Sarah Trotter is an Assistant Professor of Law at the LSE
In recent years, the notion of a ‘right to hope’ has emerged in European human rights law. Yet what does it mean, to experience hope? And how is this experience made the object of a right as a matter of European human rights law? These are the questions that will be the focus of this seminar, which will examine the way in which hope has been constructed as a right in the jurisprudence of the European Court of Human Rights.
The seminar will consider the origins of the ‘right to hope’ in European human rights law, the meaning of hope in this context, and the relationship that is depicted between hope and dignity. I will argue that the conceptualisation of hope that emerges in European human rights law is an individualised one in which a relationship of dependency is established between the individual and European human rights law and hope itself is constructed as an individual responsibility.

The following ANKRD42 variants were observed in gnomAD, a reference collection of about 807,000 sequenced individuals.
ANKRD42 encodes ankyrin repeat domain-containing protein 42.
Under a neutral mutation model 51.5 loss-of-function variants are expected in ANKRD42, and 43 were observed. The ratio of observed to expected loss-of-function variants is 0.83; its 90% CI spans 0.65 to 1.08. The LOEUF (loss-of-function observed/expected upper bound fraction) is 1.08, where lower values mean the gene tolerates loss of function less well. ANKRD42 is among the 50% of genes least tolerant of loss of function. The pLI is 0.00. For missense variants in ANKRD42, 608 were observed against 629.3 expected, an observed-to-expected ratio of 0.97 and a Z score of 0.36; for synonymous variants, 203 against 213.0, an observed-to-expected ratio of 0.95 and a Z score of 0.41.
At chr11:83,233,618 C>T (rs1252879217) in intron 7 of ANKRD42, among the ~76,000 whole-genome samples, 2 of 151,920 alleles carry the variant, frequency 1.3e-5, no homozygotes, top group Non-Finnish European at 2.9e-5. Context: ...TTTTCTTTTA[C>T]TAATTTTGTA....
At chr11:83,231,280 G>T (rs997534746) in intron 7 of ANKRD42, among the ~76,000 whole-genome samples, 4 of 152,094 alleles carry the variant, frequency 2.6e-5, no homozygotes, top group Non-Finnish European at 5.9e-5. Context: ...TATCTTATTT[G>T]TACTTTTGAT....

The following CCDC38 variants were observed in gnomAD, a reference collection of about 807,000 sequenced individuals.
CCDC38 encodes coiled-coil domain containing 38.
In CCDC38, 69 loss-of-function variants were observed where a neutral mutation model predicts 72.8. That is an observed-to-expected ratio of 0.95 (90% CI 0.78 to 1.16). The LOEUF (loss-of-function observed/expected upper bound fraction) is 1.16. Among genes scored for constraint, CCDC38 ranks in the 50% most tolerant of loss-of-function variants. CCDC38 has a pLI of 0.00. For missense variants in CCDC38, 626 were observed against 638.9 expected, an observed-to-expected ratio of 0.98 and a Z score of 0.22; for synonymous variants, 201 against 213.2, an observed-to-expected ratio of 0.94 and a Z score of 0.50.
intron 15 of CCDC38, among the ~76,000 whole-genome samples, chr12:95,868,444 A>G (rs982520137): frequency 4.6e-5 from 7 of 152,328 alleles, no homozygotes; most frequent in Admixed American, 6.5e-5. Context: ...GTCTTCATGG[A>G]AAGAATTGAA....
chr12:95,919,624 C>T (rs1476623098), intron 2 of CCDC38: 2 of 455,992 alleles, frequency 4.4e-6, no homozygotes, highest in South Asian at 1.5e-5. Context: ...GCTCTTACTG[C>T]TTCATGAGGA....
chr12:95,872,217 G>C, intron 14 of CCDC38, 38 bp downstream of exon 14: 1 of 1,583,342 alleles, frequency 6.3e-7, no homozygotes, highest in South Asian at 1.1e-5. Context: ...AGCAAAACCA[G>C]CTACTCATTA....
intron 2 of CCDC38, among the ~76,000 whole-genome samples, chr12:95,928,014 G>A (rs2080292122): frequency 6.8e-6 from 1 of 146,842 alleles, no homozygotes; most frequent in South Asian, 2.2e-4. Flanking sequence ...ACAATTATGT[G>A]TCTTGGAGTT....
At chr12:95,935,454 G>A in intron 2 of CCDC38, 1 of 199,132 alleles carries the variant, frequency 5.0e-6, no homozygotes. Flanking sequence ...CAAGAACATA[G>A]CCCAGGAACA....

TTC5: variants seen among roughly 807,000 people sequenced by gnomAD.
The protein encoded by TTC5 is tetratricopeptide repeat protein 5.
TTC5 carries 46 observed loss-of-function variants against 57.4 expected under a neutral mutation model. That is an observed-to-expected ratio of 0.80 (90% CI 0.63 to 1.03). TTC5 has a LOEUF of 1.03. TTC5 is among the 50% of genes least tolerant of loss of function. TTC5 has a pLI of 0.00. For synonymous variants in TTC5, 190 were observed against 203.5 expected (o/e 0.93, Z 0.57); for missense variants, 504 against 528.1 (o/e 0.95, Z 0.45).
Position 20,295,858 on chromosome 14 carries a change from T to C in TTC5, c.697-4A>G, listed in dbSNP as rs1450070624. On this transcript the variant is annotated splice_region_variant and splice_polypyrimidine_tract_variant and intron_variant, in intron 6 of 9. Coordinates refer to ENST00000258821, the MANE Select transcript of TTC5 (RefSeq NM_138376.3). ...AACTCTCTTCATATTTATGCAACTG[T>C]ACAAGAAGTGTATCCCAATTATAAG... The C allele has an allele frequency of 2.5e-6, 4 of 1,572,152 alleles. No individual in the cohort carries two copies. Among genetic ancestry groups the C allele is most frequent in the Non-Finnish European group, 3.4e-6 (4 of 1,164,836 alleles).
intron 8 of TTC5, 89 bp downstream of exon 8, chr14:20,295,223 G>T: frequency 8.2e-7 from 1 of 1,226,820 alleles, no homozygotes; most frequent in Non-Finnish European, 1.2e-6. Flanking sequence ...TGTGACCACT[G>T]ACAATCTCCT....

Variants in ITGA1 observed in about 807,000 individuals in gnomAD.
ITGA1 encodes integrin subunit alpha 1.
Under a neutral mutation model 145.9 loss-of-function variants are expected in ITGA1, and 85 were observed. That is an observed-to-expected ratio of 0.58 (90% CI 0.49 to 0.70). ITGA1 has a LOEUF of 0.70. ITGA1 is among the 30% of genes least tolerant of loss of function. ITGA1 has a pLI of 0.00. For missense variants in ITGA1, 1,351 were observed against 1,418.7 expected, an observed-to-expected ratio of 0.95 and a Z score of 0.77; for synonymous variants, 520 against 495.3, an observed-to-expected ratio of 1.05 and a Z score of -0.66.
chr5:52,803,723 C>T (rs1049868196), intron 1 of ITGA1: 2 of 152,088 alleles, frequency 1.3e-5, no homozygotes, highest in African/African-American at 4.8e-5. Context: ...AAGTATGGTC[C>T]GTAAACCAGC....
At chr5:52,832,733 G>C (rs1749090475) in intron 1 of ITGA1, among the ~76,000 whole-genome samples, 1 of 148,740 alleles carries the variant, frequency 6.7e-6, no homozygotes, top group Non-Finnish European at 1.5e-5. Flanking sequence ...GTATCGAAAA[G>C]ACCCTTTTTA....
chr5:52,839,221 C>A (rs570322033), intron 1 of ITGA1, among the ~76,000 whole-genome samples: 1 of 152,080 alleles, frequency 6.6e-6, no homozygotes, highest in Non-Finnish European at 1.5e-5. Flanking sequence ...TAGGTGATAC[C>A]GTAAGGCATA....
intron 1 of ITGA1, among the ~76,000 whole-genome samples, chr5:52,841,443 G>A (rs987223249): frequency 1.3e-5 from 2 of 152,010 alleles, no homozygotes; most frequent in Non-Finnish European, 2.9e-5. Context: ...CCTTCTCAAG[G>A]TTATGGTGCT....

Sarah Trotter is an Assistant Professor of Law at the LSE. Her research is primarily about how particular categories (like ‘the child’ and ‘the individual’) are constructed in law and about the assumptions that are made in European human rights law and domestic law about relationships.
Dates & times
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|18 Mar 2021
|5:00pm - 7:00pm
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